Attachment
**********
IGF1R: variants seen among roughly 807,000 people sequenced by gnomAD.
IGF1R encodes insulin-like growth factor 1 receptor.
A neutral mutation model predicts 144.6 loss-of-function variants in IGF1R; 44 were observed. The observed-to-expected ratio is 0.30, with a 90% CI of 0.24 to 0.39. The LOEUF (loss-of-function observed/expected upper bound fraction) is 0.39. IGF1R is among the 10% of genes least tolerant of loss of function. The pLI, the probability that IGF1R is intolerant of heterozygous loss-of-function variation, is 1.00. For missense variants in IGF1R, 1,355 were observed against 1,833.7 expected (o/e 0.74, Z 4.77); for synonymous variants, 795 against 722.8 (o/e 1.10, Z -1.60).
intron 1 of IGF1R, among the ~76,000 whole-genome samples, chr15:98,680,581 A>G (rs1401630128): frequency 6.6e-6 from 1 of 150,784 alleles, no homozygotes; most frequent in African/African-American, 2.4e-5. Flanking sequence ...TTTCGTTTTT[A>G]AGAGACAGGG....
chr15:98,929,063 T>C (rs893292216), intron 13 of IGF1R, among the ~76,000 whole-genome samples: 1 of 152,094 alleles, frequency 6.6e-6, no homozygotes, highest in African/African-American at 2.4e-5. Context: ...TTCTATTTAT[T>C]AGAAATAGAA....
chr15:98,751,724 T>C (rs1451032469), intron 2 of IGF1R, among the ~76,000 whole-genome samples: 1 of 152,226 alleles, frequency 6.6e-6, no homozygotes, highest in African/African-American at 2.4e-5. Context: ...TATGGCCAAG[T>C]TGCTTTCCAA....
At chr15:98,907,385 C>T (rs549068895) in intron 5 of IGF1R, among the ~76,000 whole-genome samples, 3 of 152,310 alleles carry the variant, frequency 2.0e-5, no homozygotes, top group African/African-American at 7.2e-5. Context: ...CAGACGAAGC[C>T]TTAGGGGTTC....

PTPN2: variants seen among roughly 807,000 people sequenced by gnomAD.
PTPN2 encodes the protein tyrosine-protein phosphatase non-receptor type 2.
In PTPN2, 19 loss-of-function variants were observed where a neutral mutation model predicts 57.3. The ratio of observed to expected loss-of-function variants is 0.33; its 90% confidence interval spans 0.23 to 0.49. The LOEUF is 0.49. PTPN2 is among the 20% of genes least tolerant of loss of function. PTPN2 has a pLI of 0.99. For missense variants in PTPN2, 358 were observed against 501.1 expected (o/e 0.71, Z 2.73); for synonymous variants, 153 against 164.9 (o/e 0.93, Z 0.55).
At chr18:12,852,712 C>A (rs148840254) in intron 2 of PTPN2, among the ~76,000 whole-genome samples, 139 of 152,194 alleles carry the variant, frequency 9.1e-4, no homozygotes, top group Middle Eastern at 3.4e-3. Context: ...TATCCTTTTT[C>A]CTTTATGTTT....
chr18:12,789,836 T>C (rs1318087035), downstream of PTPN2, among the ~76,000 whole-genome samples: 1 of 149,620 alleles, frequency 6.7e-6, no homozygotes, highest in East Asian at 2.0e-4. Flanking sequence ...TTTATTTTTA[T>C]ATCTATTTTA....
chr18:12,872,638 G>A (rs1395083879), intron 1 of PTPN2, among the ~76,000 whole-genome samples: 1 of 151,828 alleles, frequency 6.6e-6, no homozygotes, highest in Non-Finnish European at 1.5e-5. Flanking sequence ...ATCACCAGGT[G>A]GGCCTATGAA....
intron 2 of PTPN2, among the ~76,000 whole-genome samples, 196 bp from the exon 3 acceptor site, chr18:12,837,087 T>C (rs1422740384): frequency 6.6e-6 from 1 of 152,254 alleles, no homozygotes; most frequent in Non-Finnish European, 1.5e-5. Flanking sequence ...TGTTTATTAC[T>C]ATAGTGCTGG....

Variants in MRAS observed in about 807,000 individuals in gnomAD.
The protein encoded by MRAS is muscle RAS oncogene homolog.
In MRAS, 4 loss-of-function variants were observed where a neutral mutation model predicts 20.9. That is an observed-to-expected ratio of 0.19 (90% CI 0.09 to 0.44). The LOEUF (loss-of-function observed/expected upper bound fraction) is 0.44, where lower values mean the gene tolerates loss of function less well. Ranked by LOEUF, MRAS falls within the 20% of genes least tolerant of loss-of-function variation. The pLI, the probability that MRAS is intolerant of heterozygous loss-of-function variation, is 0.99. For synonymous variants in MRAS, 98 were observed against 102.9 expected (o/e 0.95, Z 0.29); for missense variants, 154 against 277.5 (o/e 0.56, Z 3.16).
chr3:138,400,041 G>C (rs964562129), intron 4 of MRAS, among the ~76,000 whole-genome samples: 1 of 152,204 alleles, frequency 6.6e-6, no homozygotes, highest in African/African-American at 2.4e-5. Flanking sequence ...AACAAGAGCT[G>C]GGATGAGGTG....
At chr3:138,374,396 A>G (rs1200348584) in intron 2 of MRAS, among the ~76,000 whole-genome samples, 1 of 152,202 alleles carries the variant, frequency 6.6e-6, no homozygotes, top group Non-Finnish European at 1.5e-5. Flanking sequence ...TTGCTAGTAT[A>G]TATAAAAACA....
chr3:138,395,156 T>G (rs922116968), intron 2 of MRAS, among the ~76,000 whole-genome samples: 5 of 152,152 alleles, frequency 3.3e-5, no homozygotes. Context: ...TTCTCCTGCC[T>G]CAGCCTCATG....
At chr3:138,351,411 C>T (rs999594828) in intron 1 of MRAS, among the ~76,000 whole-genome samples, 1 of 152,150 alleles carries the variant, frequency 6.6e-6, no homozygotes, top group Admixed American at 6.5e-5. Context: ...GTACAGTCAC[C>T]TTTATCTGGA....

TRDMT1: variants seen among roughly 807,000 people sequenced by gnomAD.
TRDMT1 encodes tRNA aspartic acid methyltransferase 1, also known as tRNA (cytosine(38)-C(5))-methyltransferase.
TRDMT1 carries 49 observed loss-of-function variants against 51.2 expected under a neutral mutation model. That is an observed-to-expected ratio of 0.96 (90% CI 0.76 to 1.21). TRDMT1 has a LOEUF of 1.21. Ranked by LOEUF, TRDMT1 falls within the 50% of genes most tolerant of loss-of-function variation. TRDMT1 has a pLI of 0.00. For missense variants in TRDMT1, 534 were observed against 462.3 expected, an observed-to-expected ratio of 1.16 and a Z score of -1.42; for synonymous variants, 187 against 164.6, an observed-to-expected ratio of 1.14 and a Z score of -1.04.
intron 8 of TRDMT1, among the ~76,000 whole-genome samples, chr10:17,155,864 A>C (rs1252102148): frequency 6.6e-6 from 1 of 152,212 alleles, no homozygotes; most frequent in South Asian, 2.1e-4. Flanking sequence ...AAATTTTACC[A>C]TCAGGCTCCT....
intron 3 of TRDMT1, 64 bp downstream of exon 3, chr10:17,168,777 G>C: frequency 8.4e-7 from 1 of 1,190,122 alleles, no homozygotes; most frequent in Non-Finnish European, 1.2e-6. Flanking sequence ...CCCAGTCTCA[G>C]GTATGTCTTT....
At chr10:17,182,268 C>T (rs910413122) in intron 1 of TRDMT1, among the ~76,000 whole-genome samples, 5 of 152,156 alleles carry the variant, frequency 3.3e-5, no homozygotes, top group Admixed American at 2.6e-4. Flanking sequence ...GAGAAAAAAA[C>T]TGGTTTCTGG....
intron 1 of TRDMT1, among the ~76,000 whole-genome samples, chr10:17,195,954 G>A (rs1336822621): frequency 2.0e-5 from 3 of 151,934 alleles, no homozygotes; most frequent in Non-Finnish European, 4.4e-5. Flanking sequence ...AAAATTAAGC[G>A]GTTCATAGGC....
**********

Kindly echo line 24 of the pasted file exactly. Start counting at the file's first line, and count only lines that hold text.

TRDMT1 carries 49 observed loss-of-function variants against 51.2 expected under a neutral mutation model. That is an observed-to-expected ratio of 0.96 (90% CI 0.76 to 1.21). TRDMT1 has a LOEUF of 1.21. Ranked by LOEUF, TRDMT1 falls within the 50% of genes most tolerant of loss-of-function variation. TRDMT1 has a pLI of 0.00. For missense variants in TRDMT1, 534 were observed against 462.3 expected, an observed-to-expected ratio of 1.16 and a Z score of -1.42; for synonymous variants, 187 against 164.6, an observed-to-expected ratio of 1.14 and a Z score of -1.04.